OBJECTIVE: The safety and tolerability of adjunctive tolcapone initiated simultaneously with levodopa was evaluated with a focus on increases in liver transaminase and hepatotoxicity... CONCLUSIONS: Tolcapone seemed to be safe and was generally well tolerated as an adjunctive treatment in patients starting treatment with carbidopa/levodopa for symptomatic PD. Mild increases in transaminase levels--< 3 times the ULN--occurred commonly in both placebo and tolcapone treated patients, whereas potentially serious increases of up to > or = 3 times the ULN were infrequent.
18F-dopa PET evidence that tolcapone acts as a central COMT inhibitor in Parkinson's disease. [2002.03.01]
Tolcapone is a potent, selective, and reversible inhibitor of cathecol-O-methyl-transferase (COMT)... These findings are compatible with clinical doses of tolcapone having a significant blocking effect on peripheral and central COMT but not DDC activity in PD.
Clinical Trials Related to Tasmar (Tolcapone)
Tolcapone Treatment of Pathological Gambling [Recruiting]
Neural Substrates in Nicotine Withdrawal [Recruiting]
This study will test the hypothesis that a medication called tolcapone (Brand Name: Tasmar)
will help reduce cognitive problems that smokers experience when they quit. This study will
also determine whether the benefits of this medication differ depending on a smokers'
Assessment of Potential Interactions Between Cocaine and Tolcapone - 1 [Active, not recruiting]
The purpose of this study is to assess the potential interactions between intravenous (IV)
cocaine and tolcapone.
Effects of Tolcapone on Frontotemporal Dementia [Recruiting]
This study will test the effects of a medication called tolcapone on cognitive, behavioral,
and language problems seen in patients with frontotemporal dementia (FTD). Tolcapone
increases the amount of dopamine, a brain chemical that may be lowered in FTD. The study
will see if tolcapone can improve thinking, behavior, and language in people with FTD and
will look at the effects of the drug on brain activity.
Patients with FTD who are between 40 and 85 years of age may be eligible for this study.
Participants will be seen as outpatients at the Columbia University Medical Center
approximately one a week for 4 weeks. They take tolcapone or a placebo (a look-alike pill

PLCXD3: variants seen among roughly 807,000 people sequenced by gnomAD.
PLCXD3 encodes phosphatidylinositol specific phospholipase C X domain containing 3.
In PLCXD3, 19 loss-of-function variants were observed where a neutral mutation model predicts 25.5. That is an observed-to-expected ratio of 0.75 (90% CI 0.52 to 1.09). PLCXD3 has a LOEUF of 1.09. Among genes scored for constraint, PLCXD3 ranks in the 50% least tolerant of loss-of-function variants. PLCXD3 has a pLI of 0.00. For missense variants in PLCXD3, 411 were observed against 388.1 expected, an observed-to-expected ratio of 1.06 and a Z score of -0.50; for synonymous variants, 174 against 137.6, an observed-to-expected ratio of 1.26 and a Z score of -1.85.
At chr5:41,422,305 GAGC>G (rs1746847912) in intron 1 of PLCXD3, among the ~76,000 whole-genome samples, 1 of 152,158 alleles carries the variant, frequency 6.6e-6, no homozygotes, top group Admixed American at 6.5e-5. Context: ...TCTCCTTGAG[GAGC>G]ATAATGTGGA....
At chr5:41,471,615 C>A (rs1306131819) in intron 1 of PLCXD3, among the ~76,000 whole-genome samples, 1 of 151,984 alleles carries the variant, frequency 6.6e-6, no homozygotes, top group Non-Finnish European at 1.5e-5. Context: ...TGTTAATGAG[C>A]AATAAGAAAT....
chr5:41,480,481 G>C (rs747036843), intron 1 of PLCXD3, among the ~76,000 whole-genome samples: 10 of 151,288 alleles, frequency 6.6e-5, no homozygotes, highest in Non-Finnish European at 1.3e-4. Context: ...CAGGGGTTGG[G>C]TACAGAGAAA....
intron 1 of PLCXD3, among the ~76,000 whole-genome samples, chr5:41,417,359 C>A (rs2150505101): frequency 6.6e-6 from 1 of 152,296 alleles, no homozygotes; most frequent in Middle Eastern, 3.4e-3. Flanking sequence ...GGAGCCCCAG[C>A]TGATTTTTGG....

with no active ingredient) during study week 1. During study week 3, those who took placebo
during week 1 now take tolcapone for 1 week and those who took tolcapone now take placebo.
In addition, patients undergo the following tests and procedures:
- Neurological tests to evaluate attention, problem-solving and memory. These tests are
repeated several times during the course of the study.
- Test to look for a gene that affects the amount of dopamine in the brain, using blood
samples collected in a previous study.
- Blood draws four times during the study.
- Functional MRI (fMRI) to learn about changes in brain regions that are involved in
performing tasks. For fMRI, the patient lies on a table that can slide in and out of
the scanner, a narrow metal cylinder surrounded by a magnetic field. The procedure
takes about 60 minutes and is performed four times over the course of the . FMRI
involves taking pictures of the brain during MRI while the subject performs a task so
that changes in the brain that occur during these tasks can be studied.
A Study of Neural Circuit Responses to Catechol-O-methyl Transferase (COMT) Inhibitors [Recruiting]
In this study, we seek to understand the effects of tolcapone and entacapone, FDA-approved
COMT inhibitors, on reward choice and response inhibition, two measures we have previously
shown to be altered in subjects with alcoholism. We now plan to test the hypothesis that
COMT regulation of cortical dopamine levels is critical for regulation financial choices.
Specifically, we propose that the lower levels of cortical dopamine present in individuals
with the val158val COMT genotype reduces the inhibitory effect of frontal cortical areas on
impulsive choice; an idea that extends previous hypotheses about the negative consequences
of decreased prefrontal dopamine levels on inhibitory control. Moreover, this hypothesis
suggests that inhibiting COMT may slow the degradation of dopamine and thereby decrease
Reports of Suspected Tasmar (Tolcapone) Side Effects
Pathological Gambling (4),
Generalised Oedema (2),
Impulse-Control Disorder (2),
Pleural Effusion (2),
Congestive Cardiomyopathy (2),
Atrial Fibrillation (2),
Abnormal Behaviour (2),
Cardiac Failure (2), more >>
Page last updated: 2015-07-28